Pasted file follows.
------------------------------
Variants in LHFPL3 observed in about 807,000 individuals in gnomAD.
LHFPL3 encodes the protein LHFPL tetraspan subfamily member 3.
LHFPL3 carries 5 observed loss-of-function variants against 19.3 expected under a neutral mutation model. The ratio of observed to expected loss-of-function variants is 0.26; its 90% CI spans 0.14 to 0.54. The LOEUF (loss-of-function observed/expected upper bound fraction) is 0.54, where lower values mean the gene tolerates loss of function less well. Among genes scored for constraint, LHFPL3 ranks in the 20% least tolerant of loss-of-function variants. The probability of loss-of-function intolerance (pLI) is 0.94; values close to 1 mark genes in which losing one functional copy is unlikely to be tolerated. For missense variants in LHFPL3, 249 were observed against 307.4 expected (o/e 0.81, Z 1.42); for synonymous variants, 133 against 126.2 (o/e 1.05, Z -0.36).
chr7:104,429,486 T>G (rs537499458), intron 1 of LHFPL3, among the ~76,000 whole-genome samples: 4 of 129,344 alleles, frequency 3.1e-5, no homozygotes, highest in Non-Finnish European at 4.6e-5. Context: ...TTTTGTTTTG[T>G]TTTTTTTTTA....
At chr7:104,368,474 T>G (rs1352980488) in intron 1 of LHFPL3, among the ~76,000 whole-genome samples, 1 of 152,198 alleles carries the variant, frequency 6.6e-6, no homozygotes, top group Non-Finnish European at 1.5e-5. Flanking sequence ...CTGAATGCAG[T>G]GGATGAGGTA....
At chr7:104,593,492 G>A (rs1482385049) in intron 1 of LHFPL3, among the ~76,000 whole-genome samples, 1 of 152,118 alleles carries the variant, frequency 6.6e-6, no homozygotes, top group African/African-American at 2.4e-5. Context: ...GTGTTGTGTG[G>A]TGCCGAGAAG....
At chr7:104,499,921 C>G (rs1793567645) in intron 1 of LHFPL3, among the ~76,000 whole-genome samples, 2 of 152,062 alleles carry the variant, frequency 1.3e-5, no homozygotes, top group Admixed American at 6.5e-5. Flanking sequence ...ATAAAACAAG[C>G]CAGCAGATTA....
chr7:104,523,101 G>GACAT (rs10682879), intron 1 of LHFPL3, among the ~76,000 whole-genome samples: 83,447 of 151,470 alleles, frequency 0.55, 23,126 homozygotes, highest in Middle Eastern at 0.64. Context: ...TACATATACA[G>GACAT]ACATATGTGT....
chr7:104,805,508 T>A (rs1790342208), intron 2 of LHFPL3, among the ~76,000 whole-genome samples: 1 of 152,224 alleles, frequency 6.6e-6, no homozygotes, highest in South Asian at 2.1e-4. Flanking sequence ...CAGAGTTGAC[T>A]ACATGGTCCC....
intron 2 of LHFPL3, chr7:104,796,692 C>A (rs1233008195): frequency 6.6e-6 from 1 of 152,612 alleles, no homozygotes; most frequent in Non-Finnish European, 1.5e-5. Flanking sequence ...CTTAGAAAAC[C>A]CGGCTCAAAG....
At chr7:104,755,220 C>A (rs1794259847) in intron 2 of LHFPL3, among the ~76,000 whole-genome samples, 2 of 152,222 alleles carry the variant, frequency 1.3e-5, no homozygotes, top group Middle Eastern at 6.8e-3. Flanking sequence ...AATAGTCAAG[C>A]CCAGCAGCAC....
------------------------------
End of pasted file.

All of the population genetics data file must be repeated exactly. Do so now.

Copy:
Variants in LHFPL3 observed in about 807,000 individuals in gnomAD.
LHFPL3 encodes the protein LHFPL tetraspan subfamily member 3.
LHFPL3 carries 5 observed loss-of-function variants against 19.3 expected under a neutral mutation model. The ratio of observed to expected loss-of-function variants is 0.26; its 90% CI spans 0.14 to 0.54. The LOEUF (loss-of-function observed/expected upper bound fraction) is 0.54, where lower values mean the gene tolerates loss of function less well. Among genes scored for constraint, LHFPL3 ranks in the 20% least tolerant of loss-of-function variants. The probability of loss-of-function intolerance (pLI) is 0.94; values close to 1 mark genes in which losing one functional copy is unlikely to be tolerated. For missense variants in LHFPL3, 249 were observed against 307.4 expected (o/e 0.81, Z 1.42); for synonymous variants, 133 against 126.2 (o/e 1.05, Z -0.36).
chr7:104,429,486 T>G (rs537499458), intron 1 of LHFPL3, among the ~76,000 whole-genome samples: 4 of 129,344 alleles, frequency 3.1e-5, no homozygotes, highest in Non-Finnish European at 4.6e-5. Context: ...TTTTGTTTTG[T>G]TTTTTTTTTA....
At chr7:104,368,474 T>G (rs1352980488) in intron 1 of LHFPL3, among the ~76,000 whole-genome samples, 1 of 152,198 alleles carries the variant, frequency 6.6e-6, no homozygotes, top group Non-Finnish European at 1.5e-5. Flanking sequence ...CTGAATGCAG[T>G]GGATGAGGTA....
At chr7:104,593,492 G>A (rs1482385049) in intron 1 of LHFPL3, among the ~76,000 whole-genome samples, 1 of 152,118 alleles carries the variant, frequency 6.6e-6, no homozygotes, top group African/African-American at 2.4e-5. Context: ...GTGTTGTGTG[G>A]TGCCGAGAAG....
At chr7:104,499,921 C>G (rs1793567645) in intron 1 of LHFPL3, among the ~76,000 whole-genome samples, 2 of 152,062 alleles carry the variant, frequency 1.3e-5, no homozygotes, top group Admixed American at 6.5e-5. Flanking sequence ...ATAAAACAAG[C>G]CAGCAGATTA....
chr7:104,523,101 G>GACAT (rs10682879), intron 1 of LHFPL3, among the ~76,000 whole-genome samples: 83,447 of 151,470 alleles, frequency 0.55, 23,126 homozygotes, highest in Middle Eastern at 0.64. Context: ...TACATATACA[G>GACAT]ACATATGTGT....
chr7:104,805,508 T>A (rs1790342208), intron 2 of LHFPL3, among the ~76,000 whole-genome samples: 1 of 152,224 alleles, frequency 6.6e-6, no homozygotes, highest in South Asian at 2.1e-4. Flanking sequence ...CAGAGTTGAC[T>A]ACATGGTCCC....
intron 2 of LHFPL3, chr7:104,796,692 C>A (rs1233008195): frequency 6.6e-6 from 1 of 152,612 alleles, no homozygotes; most frequent in Non-Finnish European, 1.5e-5. Flanking sequence ...CTTAGAAAAC[C>A]CGGCTCAAAG....
At chr7:104,755,220 C>A (rs1794259847) in intron 2 of LHFPL3, among the ~76,000 whole-genome samples, 2 of 152,222 alleles carry the variant, frequency 1.3e-5, no homozygotes, top group Middle Eastern at 6.8e-3. Flanking sequence ...AATAGTCAAG[C>A]CCAGCAGCAC....